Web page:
Gold Market Radar (September 16, 2013)

Gold Market Radar (September 16, 2013)

For the week, spot gold closed at $1,326.39, down $65.51 per ounce, or 4.71 percent. Gold stocks, as measured by the NYSE Arca Gold Miners Index, lost 8.42 percent. The U.S. Trade-Weighted Dollar Index lost 0.79 percent for the week.

Mainland China Gold Imports Exports Through Hong Kong
click to enlarge


  • Paolo Lostritto, Director at National Bank, shared his most recent physical gold research with our team. According to Paolo, notwithstanding all the taper talk, physical gold continues to migrate east. Year-to-date net physical imports by China equate to approximately 37 percent of global mine supply. This in addition to the reports from GFMS suggesting that China is the world’s largest gold producer, with an estimated 400-plus tonnes annually, or roughly 14 percent of global mine supply. This suggests that China on its own, is amassing nearly half of the world’s annual gold supply within its borders.
  • Gran Colombia Gold just provided an update of its production numbers showing August production was 9,988 ounces of gold; bringing year-to-date total production to 70,939 ounces, on track to achieve 2013 guidance of 110,000 ounces of gold. All-in sustaining costs remain on target to less than $1,150 as cost reduction efforts continued in August with additional workforce reductions. Pan American Silver Corp has decided to close out its outstanding silver and gold hedges by entering into forward contracts for 5.3 million ounces of silver and 24,000 ounces of gold, at average prices of $20.43 per ounce of silver and $1,323 per ounce of gold. The transaction highlights renewed confidence by producers in higher precious metals prices.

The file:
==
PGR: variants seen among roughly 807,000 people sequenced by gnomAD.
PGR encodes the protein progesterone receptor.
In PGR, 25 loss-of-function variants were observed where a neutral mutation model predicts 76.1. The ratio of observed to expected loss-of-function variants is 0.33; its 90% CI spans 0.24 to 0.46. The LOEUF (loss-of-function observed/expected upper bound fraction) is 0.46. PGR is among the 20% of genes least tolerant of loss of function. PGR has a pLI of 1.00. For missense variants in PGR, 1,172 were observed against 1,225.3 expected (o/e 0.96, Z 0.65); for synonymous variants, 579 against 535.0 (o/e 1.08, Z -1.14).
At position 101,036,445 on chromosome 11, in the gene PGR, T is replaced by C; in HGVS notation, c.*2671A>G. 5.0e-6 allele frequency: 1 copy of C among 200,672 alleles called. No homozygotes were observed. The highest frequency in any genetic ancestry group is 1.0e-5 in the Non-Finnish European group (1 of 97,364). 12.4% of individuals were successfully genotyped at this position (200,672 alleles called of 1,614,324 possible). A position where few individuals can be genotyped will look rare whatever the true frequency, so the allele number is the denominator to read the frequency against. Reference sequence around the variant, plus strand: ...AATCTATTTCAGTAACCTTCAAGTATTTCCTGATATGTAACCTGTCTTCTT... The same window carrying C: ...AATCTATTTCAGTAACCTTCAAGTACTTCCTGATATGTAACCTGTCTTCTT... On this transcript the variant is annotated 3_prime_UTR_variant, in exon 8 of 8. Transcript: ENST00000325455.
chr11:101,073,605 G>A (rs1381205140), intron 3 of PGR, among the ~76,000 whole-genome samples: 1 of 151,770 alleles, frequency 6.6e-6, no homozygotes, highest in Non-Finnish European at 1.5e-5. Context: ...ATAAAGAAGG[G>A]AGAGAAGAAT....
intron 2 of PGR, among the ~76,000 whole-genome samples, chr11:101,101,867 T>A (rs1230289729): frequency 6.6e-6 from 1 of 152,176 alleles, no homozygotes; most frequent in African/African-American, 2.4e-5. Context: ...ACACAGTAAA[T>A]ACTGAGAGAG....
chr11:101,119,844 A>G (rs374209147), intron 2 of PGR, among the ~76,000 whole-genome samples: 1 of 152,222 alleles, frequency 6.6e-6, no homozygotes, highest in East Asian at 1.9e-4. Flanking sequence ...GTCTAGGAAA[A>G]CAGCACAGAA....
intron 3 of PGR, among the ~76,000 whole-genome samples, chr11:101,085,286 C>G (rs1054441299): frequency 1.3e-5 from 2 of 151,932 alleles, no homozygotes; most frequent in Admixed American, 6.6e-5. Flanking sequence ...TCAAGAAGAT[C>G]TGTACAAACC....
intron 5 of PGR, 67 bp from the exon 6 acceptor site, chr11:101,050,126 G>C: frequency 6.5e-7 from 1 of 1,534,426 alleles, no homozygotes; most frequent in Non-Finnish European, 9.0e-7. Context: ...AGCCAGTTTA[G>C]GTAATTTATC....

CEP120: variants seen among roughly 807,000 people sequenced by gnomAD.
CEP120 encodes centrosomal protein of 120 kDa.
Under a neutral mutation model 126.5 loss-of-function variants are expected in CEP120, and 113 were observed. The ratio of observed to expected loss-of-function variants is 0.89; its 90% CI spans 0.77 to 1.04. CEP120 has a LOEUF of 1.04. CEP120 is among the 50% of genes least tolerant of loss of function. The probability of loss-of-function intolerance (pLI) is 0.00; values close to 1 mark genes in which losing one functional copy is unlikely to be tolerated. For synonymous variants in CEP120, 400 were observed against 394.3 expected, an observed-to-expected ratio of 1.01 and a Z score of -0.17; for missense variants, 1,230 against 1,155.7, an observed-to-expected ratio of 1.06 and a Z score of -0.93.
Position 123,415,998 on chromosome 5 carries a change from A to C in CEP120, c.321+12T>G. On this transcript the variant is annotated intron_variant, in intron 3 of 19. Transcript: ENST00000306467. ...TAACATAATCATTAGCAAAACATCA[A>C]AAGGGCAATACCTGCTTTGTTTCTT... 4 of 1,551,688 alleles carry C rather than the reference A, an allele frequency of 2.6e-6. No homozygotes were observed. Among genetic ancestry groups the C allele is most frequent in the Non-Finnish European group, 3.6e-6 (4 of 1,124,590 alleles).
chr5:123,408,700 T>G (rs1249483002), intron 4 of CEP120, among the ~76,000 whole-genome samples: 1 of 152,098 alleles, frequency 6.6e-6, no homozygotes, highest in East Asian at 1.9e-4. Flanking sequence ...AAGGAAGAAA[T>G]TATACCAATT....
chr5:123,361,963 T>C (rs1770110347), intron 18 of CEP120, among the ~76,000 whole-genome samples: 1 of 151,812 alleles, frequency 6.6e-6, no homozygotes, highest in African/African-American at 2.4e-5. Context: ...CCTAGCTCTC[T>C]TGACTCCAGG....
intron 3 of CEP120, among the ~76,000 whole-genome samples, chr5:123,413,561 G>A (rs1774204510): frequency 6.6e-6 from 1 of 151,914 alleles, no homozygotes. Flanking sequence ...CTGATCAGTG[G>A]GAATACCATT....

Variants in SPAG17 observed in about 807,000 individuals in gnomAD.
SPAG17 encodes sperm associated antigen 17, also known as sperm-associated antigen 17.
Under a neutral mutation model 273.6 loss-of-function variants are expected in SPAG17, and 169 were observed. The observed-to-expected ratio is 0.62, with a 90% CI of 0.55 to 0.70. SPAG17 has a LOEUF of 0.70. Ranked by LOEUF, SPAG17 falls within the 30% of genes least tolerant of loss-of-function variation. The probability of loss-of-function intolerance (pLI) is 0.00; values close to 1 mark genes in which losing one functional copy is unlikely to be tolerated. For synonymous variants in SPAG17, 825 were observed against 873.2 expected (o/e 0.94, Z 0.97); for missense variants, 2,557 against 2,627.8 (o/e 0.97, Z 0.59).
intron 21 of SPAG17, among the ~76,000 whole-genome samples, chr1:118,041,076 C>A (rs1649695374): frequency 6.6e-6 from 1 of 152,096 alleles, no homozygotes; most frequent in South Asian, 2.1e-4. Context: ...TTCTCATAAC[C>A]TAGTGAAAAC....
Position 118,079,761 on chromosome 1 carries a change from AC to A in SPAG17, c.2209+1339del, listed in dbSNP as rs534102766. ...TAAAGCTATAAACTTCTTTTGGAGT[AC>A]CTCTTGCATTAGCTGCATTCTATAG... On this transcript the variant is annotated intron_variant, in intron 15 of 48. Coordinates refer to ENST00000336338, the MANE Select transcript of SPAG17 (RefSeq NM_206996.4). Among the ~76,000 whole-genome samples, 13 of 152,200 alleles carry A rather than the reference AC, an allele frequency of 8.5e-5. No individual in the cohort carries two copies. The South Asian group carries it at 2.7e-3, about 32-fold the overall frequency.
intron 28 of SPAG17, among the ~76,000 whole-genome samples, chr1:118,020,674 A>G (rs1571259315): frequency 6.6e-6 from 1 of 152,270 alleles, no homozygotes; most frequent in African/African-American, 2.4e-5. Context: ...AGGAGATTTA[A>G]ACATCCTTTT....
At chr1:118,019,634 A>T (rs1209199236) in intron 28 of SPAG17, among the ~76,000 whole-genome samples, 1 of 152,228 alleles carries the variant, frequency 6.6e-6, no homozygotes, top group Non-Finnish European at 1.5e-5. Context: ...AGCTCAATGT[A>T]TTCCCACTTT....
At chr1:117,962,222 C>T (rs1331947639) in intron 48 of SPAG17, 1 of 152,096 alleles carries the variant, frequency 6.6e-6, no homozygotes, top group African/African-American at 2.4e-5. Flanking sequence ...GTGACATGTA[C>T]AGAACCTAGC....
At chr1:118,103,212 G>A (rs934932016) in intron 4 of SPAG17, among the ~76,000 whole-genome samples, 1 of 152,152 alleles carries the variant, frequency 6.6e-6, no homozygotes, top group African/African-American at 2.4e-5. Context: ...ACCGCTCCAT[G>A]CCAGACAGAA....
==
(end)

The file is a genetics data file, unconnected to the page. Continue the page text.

• Mandalay Resources tabled a Preliminary Economic Assessment (PEA) for the development of the Cuffley Lode at its Costerfield mine. The PEA assumed a minable resource of 509,000 tonnes of gold grading 10.5 grams per tonne. The study assumed gold prices of $1,300 per ounce and resulted in an IRR greater than 3,300 percent. Osisko Mining confirmed the throughput at its Canadian Malarctic mine has reached levels above 1 gram per tonne, reassuring investors following a 0.88 gram per tonne average during the first half of the year. Sulliden Gold announced that Peru's Ministry of Energy and Mines has approved the Environmental Impact Assessment (EIA) for the Shahuindo gold and silver project in northern Peru. The approval of the EIA is the key milestone in the advancement of the project towards the construction phase.